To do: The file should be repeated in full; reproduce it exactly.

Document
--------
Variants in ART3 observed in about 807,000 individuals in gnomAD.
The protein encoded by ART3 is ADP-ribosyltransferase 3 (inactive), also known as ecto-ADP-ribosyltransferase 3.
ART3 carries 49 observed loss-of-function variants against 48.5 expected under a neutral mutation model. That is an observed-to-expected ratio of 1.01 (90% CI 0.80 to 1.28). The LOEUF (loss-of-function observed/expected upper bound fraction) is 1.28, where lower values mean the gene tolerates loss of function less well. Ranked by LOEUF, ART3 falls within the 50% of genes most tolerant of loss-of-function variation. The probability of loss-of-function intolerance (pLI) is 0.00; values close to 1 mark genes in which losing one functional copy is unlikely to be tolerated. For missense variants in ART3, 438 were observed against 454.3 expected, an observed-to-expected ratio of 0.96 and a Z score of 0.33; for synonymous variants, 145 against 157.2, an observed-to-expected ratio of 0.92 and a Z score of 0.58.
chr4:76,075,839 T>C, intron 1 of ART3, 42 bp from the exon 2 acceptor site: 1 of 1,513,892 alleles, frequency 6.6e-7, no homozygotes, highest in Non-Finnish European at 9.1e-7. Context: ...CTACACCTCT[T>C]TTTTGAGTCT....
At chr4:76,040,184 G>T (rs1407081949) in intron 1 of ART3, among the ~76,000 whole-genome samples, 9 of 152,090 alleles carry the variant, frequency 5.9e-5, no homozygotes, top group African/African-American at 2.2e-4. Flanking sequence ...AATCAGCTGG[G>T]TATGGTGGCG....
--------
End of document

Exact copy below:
Variants in ART3 observed in about 807,000 individuals in gnomAD.
The protein encoded by ART3 is ADP-ribosyltransferase 3 (inactive), also known as ecto-ADP-ribosyltransferase 3.
ART3 carries 49 observed loss-of-function variants against 48.5 expected under a neutral mutation model. That is an observed-to-expected ratio of 1.01 (90% CI 0.80 to 1.28). The LOEUF (loss-of-function observed/expected upper bound fraction) is 1.28, where lower values mean the gene tolerates loss of function less well. Ranked by LOEUF, ART3 falls within the 50% of genes most tolerant of loss-of-function variation. The probability of loss-of-function intolerance (pLI) is 0.00; values close to 1 mark genes in which losing one functional copy is unlikely to be tolerated. For missense variants in ART3, 438 were observed against 454.3 expected, an observed-to-expected ratio of 0.96 and a Z score of 0.33; for synonymous variants, 145 against 157.2, an observed-to-expected ratio of 0.92 and a Z score of 0.58.
chr4:76,075,839 T>C, intron 1 of ART3, 42 bp from the exon 2 acceptor site: 1 of 1,513,892 alleles, frequency 6.6e-7, no homozygotes, highest in Non-Finnish European at 9.1e-7. Context: ...CTACACCTCT[T>C]TTTTGAGTCT....
At chr4:76,040,184 G>T (rs1407081949) in intron 1 of ART3, among the ~76,000 whole-genome samples, 9 of 152,090 alleles carry the variant, frequency 5.9e-5, no homozygotes, top group African/African-American at 2.2e-4. Flanking sequence ...AATCAGCTGG[G>T]TATGGTGGCG....